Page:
¡ By the fig and the olive,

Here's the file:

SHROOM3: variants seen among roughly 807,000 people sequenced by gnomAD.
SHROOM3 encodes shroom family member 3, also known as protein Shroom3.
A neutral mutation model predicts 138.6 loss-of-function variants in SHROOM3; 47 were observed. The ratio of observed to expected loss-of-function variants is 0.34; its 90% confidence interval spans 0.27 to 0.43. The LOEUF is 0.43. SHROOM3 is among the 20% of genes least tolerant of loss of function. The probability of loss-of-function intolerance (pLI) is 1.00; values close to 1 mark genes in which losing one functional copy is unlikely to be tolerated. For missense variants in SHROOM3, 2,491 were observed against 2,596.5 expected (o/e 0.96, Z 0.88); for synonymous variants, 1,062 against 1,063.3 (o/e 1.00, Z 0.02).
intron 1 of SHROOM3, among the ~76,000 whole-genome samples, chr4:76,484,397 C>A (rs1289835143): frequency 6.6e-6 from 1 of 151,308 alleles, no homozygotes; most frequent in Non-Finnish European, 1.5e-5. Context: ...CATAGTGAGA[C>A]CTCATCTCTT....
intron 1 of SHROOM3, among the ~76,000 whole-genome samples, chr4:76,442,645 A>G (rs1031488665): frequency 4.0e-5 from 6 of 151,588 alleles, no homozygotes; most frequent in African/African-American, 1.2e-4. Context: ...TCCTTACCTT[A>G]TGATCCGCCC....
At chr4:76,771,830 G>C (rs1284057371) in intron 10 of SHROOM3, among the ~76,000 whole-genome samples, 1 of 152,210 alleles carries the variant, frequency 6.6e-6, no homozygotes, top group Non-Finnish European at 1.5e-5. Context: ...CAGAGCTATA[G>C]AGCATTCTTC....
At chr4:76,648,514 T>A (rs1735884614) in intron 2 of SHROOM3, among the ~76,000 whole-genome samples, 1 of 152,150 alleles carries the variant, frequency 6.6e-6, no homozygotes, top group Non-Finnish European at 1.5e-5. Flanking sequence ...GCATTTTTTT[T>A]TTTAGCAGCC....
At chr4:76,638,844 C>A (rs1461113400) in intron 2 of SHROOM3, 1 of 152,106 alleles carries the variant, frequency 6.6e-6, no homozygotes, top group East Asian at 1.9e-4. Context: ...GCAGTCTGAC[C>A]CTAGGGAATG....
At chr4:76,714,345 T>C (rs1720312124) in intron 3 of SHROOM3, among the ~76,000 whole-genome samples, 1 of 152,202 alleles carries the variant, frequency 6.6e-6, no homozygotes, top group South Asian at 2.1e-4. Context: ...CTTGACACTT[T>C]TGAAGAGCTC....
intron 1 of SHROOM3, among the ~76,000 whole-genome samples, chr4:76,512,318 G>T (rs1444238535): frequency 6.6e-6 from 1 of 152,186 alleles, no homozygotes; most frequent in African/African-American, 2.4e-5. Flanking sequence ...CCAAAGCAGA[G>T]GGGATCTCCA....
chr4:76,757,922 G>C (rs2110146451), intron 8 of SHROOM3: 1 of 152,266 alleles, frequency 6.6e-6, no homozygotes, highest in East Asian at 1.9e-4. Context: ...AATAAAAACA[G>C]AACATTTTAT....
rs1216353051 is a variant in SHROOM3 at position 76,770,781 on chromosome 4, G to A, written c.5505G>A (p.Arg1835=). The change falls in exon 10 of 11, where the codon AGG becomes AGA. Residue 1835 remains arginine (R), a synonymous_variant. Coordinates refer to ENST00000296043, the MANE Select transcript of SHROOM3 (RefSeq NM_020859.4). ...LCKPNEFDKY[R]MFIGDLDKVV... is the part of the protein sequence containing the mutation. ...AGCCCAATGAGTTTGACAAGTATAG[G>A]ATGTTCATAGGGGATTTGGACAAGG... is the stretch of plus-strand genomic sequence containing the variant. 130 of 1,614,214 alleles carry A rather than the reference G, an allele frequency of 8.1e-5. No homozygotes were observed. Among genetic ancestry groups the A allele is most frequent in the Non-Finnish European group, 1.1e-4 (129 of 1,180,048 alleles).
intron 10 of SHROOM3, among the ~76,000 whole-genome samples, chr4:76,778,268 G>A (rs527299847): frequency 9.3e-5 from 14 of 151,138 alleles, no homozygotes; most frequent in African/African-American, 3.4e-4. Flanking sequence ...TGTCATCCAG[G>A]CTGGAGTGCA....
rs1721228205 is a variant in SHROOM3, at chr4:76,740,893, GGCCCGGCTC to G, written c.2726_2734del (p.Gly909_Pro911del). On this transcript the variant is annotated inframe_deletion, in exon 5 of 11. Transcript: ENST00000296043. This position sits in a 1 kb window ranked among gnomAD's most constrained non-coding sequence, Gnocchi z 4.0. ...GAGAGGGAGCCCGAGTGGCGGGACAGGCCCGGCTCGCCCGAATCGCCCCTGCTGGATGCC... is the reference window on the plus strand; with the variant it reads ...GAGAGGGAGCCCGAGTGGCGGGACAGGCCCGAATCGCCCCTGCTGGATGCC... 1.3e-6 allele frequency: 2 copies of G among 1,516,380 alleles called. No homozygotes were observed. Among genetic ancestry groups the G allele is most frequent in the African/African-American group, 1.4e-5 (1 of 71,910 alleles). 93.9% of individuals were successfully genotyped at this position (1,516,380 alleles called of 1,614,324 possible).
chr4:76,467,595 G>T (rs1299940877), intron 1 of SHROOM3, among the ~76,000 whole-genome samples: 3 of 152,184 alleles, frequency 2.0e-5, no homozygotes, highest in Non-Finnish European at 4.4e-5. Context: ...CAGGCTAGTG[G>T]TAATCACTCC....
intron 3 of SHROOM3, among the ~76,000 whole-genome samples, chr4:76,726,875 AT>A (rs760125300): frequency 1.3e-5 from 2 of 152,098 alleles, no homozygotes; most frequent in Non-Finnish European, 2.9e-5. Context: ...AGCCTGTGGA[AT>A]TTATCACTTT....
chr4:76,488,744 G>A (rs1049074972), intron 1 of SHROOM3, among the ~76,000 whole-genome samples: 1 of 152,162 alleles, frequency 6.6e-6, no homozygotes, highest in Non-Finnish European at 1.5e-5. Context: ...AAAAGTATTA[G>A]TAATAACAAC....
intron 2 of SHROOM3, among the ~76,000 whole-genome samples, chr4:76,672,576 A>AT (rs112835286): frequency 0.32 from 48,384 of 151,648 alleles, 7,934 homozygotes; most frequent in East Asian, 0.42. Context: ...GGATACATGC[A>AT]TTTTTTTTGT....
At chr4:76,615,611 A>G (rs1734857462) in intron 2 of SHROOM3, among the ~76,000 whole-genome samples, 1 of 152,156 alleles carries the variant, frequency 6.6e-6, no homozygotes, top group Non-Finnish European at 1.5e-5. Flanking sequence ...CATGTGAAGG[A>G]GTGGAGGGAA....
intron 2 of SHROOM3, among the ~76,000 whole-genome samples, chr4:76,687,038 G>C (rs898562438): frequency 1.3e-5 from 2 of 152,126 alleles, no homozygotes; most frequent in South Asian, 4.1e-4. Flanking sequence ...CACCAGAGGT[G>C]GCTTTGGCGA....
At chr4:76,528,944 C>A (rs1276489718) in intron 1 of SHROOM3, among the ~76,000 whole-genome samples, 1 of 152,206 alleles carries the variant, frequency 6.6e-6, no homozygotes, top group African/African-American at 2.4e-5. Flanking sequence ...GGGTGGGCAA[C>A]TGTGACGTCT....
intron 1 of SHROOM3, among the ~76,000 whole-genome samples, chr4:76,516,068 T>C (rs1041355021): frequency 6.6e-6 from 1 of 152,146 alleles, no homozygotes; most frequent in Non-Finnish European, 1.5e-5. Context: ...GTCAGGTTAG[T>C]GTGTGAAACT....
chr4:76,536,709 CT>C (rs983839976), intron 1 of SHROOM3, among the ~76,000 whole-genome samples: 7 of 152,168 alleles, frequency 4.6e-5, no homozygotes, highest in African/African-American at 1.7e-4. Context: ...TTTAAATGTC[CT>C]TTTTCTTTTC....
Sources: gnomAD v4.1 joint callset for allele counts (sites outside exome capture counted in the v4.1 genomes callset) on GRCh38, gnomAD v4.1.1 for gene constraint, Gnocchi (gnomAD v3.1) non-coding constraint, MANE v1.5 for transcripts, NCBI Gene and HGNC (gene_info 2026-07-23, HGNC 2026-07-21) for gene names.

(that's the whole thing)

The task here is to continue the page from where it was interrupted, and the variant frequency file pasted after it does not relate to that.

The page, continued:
1 For most commentators, the fig and the olive refer to the fruits of the earth, by which God swears due to the blessing and benefits contained in them (Bg, Sh, Ṭb). For others they have a symbolic value: the fig symbolizes the mosque (meaning place of prostration, as there would not have been a building for that purpose at the time of the revelation) in Damascus, which may be a reference to the “mosque” of Noah, where the Ark landed on Mt. Jūdī (see 11:44c), and the olive symbolizes “the Holy House,” that is, the “mosque” in Jerusalem (IK, Sh, Ṭ); or the fig refers to the mount on which Damascus is built, and the olive, the mount on which Jerusalem is built (Q, Ṭb); others say that they refer to the cities themselves (Q). Another interpretation takes the fig as a reference to the “mosque” of the Companions of the Cave (18:9) and the olive as a reference to the “mosque” in Jerusalem (Q), while yet another sees them as two mountains in the Levant (Q). Others say that the fig refers to the leaves of the Garden (7:22), with which Adam and Eve covered themselves, and the olive refers to the blessed olive tree in 24:35 (Q). This last interpretation could be seen as a symbolic foreshadowing of vv. 4-6 in that fig leaves allude to what is lowest in human beings, since they were used to cover their private parts, while the blessed olive tree is seen by many as the symbolic source of the human “light of understanding” or “intellect”; see 24:35c.